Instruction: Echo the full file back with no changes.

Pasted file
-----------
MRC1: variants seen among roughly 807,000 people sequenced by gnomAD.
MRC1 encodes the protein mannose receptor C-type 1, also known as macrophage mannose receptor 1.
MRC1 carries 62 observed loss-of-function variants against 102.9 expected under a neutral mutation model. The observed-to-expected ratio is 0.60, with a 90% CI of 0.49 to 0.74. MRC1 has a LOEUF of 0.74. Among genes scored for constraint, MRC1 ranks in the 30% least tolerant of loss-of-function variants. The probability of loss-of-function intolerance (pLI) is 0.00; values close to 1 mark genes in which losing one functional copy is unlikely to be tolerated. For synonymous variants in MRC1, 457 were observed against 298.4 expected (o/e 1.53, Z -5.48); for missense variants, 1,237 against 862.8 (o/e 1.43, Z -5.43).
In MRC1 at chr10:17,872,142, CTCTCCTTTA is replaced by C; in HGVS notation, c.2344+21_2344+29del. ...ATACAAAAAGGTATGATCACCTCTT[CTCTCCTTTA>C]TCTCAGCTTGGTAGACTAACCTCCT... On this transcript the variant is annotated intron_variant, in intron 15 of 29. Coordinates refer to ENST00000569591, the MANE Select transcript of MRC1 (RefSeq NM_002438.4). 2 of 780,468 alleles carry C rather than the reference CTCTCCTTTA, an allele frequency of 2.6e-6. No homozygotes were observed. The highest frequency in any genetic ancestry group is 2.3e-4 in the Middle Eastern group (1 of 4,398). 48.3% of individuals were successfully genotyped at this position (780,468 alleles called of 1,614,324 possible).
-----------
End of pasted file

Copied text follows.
MRC1: variants seen among roughly 807,000 people sequenced by gnomAD.
MRC1 encodes the protein mannose receptor C-type 1, also known as macrophage mannose receptor 1.
MRC1 carries 62 observed loss-of-function variants against 102.9 expected under a neutral mutation model. The observed-to-expected ratio is 0.60, with a 90% CI of 0.49 to 0.74. MRC1 has a LOEUF of 0.74. Among genes scored for constraint, MRC1 ranks in the 30% least tolerant of loss-of-function variants. The probability of loss-of-function intolerance (pLI) is 0.00; values close to 1 mark genes in which losing one functional copy is unlikely to be tolerated. For synonymous variants in MRC1, 457 were observed against 298.4 expected (o/e 1.53, Z -5.48); for missense variants, 1,237 against 862.8 (o/e 1.43, Z -5.43).
In MRC1 at chr10:17,872,142, CTCTCCTTTA is replaced by C; in HGVS notation, c.2344+21_2344+29del. ...ATACAAAAAGGTATGATCACCTCTT[CTCTCCTTTA>C]TCTCAGCTTGGTAGACTAACCTCCT... On this transcript the variant is annotated intron_variant, in intron 15 of 29. Coordinates refer to ENST00000569591, the MANE Select transcript of MRC1 (RefSeq NM_002438.4). 2 of 780,468 alleles carry C rather than the reference CTCTCCTTTA, an allele frequency of 2.6e-6. No homozygotes were observed. The highest frequency in any genetic ancestry group is 2.3e-4 in the Middle Eastern group (1 of 4,398). 48.3% of individuals were successfully genotyped at this position (780,468 alleles called of 1,614,324 possible).